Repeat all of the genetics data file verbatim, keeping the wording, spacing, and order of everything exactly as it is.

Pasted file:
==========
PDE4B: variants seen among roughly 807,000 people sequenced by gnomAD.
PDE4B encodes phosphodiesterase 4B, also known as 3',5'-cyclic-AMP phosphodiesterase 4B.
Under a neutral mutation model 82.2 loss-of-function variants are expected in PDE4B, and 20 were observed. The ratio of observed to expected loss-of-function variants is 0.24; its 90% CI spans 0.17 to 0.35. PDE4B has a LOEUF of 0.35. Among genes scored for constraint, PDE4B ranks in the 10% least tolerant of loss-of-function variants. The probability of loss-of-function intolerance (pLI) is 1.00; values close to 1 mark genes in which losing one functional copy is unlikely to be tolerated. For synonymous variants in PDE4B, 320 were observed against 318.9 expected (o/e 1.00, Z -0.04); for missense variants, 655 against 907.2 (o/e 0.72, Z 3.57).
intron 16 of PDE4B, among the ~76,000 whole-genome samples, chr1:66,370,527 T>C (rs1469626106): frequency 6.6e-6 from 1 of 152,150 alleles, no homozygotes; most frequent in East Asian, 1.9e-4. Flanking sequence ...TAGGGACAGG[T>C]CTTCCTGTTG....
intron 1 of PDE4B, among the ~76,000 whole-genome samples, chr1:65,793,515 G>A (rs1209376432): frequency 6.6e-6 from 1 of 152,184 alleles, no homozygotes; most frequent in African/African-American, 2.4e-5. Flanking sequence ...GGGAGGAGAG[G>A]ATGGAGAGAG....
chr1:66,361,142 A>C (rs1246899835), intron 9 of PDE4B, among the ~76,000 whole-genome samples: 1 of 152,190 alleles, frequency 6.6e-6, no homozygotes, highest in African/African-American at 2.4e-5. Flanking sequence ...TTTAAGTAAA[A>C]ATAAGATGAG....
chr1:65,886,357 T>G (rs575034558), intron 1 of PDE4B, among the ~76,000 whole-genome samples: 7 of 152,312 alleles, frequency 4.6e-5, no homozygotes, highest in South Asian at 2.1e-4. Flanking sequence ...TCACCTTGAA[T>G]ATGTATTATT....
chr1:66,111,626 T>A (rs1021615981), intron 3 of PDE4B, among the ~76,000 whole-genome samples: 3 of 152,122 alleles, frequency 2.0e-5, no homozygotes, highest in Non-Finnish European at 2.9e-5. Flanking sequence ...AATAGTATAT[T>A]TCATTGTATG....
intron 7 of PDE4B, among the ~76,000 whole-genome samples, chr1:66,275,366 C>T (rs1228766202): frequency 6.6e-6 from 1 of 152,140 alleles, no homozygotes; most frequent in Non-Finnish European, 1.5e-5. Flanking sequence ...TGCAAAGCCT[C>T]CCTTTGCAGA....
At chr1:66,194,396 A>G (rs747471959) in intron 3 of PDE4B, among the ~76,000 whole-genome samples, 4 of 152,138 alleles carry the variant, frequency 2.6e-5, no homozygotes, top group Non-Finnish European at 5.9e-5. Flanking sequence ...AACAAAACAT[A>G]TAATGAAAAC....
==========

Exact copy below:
PDE4B: variants seen among roughly 807,000 people sequenced by gnomAD.
PDE4B encodes phosphodiesterase 4B, also known as 3',5'-cyclic-AMP phosphodiesterase 4B.
Under a neutral mutation model 82.2 loss-of-function variants are expected in PDE4B, and 20 were observed. The ratio of observed to expected loss-of-function variants is 0.24; its 90% CI spans 0.17 to 0.35. PDE4B has a LOEUF of 0.35. Among genes scored for constraint, PDE4B ranks in the 10% least tolerant of loss-of-function variants. The probability of loss-of-function intolerance (pLI) is 1.00; values close to 1 mark genes in which losing one functional copy is unlikely to be tolerated. For synonymous variants in PDE4B, 320 were observed against 318.9 expected (o/e 1.00, Z -0.04); for missense variants, 655 against 907.2 (o/e 0.72, Z 3.57).
intron 16 of PDE4B, among the ~76,000 whole-genome samples, chr1:66,370,527 T>C (rs1469626106): frequency 6.6e-6 from 1 of 152,150 alleles, no homozygotes; most frequent in East Asian, 1.9e-4. Flanking sequence ...TAGGGACAGG[T>C]CTTCCTGTTG....
intron 1 of PDE4B, among the ~76,000 whole-genome samples, chr1:65,793,515 G>A (rs1209376432): frequency 6.6e-6 from 1 of 152,184 alleles, no homozygotes; most frequent in African/African-American, 2.4e-5. Flanking sequence ...GGGAGGAGAG[G>A]ATGGAGAGAG....
chr1:66,361,142 A>C (rs1246899835), intron 9 of PDE4B, among the ~76,000 whole-genome samples: 1 of 152,190 alleles, frequency 6.6e-6, no homozygotes, highest in African/African-American at 2.4e-5. Flanking sequence ...TTTAAGTAAA[A>C]ATAAGATGAG....
chr1:65,886,357 T>G (rs575034558), intron 1 of PDE4B, among the ~76,000 whole-genome samples: 7 of 152,312 alleles, frequency 4.6e-5, no homozygotes, highest in South Asian at 2.1e-4. Flanking sequence ...TCACCTTGAA[T>G]ATGTATTATT....
chr1:66,111,626 T>A (rs1021615981), intron 3 of PDE4B, among the ~76,000 whole-genome samples: 3 of 152,122 alleles, frequency 2.0e-5, no homozygotes, highest in Non-Finnish European at 2.9e-5. Flanking sequence ...AATAGTATAT[T>A]TCATTGTATG....
intron 7 of PDE4B, among the ~76,000 whole-genome samples, chr1:66,275,366 C>T (rs1228766202): frequency 6.6e-6 from 1 of 152,140 alleles, no homozygotes; most frequent in Non-Finnish European, 1.5e-5. Flanking sequence ...TGCAAAGCCT[C>T]CCTTTGCAGA....
At chr1:66,194,396 A>G (rs747471959) in intron 3 of PDE4B, among the ~76,000 whole-genome samples, 4 of 152,138 alleles carry the variant, frequency 2.6e-5, no homozygotes, top group Non-Finnish European at 5.9e-5. Flanking sequence ...AACAAAACAT[A>G]TAATGAAAAC....